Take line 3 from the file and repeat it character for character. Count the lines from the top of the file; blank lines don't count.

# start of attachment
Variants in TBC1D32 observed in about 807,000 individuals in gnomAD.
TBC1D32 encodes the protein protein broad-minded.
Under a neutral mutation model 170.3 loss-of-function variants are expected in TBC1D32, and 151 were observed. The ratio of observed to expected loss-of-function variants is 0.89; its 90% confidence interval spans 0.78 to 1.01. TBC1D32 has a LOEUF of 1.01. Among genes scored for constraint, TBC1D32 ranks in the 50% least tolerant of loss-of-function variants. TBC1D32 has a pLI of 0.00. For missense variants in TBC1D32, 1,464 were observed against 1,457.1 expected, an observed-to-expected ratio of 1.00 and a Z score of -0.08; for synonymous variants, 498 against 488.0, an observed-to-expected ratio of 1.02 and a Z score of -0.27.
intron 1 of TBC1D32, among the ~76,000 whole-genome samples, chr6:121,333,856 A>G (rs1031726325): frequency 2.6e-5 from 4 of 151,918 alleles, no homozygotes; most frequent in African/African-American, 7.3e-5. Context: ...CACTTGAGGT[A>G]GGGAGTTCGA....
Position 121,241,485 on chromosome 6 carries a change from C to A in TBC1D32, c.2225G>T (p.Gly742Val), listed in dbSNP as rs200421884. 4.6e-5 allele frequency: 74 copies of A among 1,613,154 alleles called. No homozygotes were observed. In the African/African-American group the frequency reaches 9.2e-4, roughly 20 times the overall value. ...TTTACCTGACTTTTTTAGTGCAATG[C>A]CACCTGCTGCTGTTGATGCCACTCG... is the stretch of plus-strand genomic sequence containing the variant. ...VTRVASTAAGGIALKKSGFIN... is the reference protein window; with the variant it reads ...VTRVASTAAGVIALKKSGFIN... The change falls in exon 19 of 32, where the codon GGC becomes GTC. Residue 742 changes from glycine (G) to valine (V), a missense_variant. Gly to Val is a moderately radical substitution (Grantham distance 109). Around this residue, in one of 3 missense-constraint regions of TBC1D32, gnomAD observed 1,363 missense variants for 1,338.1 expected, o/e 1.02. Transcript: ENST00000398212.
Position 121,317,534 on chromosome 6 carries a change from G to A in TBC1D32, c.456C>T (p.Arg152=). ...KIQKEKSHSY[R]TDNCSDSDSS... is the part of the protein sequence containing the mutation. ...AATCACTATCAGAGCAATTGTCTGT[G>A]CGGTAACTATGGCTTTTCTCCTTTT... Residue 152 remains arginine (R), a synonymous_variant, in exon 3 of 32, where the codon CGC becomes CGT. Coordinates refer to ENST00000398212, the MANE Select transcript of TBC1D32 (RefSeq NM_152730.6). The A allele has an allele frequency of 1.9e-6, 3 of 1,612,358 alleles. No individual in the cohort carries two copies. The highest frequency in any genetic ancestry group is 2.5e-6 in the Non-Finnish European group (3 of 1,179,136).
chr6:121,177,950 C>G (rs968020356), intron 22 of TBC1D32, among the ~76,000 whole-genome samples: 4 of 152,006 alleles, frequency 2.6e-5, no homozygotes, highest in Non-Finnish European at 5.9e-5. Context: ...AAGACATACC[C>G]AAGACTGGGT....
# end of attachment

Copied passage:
Under a neutral mutation model 170.3 loss-of-function variants are expected in TBC1D32, and 151 were observed. The ratio of observed to expected loss-of-function variants is 0.89; its 90% confidence interval spans 0.78 to 1.01. TBC1D32 has a LOEUF of 1.01. Among genes scored for constraint, TBC1D32 ranks in the 50% least tolerant of loss-of-function variants. TBC1D32 has a pLI of 0.00. For missense variants in TBC1D32, 1,464 were observed against 1,457.1 expected, an observed-to-expected ratio of 1.00 and a Z score of -0.08; for synonymous variants, 498 against 488.0, an observed-to-expected ratio of 1.02 and a Z score of -0.27.